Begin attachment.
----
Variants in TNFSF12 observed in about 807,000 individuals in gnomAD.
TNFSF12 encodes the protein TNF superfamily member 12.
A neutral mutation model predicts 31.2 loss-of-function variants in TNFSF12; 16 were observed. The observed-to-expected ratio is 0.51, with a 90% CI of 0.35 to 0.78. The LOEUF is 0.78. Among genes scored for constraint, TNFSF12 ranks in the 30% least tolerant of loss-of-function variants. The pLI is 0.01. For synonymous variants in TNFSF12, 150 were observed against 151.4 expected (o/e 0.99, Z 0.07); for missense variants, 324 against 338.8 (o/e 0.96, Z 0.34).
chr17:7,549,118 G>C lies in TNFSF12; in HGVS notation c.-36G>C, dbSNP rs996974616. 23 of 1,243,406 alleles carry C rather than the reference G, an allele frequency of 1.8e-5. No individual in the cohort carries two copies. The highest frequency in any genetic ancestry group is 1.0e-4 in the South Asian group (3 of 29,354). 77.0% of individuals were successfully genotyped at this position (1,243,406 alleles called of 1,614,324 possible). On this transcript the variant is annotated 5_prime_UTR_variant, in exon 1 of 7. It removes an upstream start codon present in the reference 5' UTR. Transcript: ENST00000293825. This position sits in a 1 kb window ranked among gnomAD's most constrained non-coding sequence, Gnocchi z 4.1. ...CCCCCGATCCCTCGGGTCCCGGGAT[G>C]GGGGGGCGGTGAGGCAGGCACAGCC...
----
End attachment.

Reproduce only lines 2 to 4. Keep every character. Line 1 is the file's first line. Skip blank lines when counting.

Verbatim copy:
TNFSF12 encodes the protein TNF superfamily member 12.
A neutral mutation model predicts 31.2 loss-of-function variants in TNFSF12; 16 were observed. The observed-to-expected ratio is 0.51, with a 90% CI of 0.35 to 0.78. The LOEUF is 0.78. Among genes scored for constraint, TNFSF12 ranks in the 30% least tolerant of loss-of-function variants. The pLI is 0.01. For synonymous variants in TNFSF12, 150 were observed against 151.4 expected (o/e 0.99, Z 0.07); for missense variants, 324 against 338.8 (o/e 0.96, Z 0.34).
chr17:7,549,118 G>C lies in TNFSF12; in HGVS notation c.-36G>C, dbSNP rs996974616. 23 of 1,243,406 alleles carry C rather than the reference G, an allele frequency of 1.8e-5. No individual in the cohort carries two copies. The highest frequency in any genetic ancestry group is 1.0e-4 in the South Asian group (3 of 29,354). 77.0% of individuals were successfully genotyped at this position (1,243,406 alleles called of 1,614,324 possible). On this transcript the variant is annotated 5_prime_UTR_variant, in exon 1 of 7. It removes an upstream start codon present in the reference 5' UTR. Transcript: ENST00000293825. This position sits in a 1 kb window ranked among gnomAD's most constrained non-coding sequence, Gnocchi z 4.1. ...CCCCCGATCCCTCGGGTCCCGGGAT[G>C]GGGGGGCGGTGAGGCAGGCACAGCC...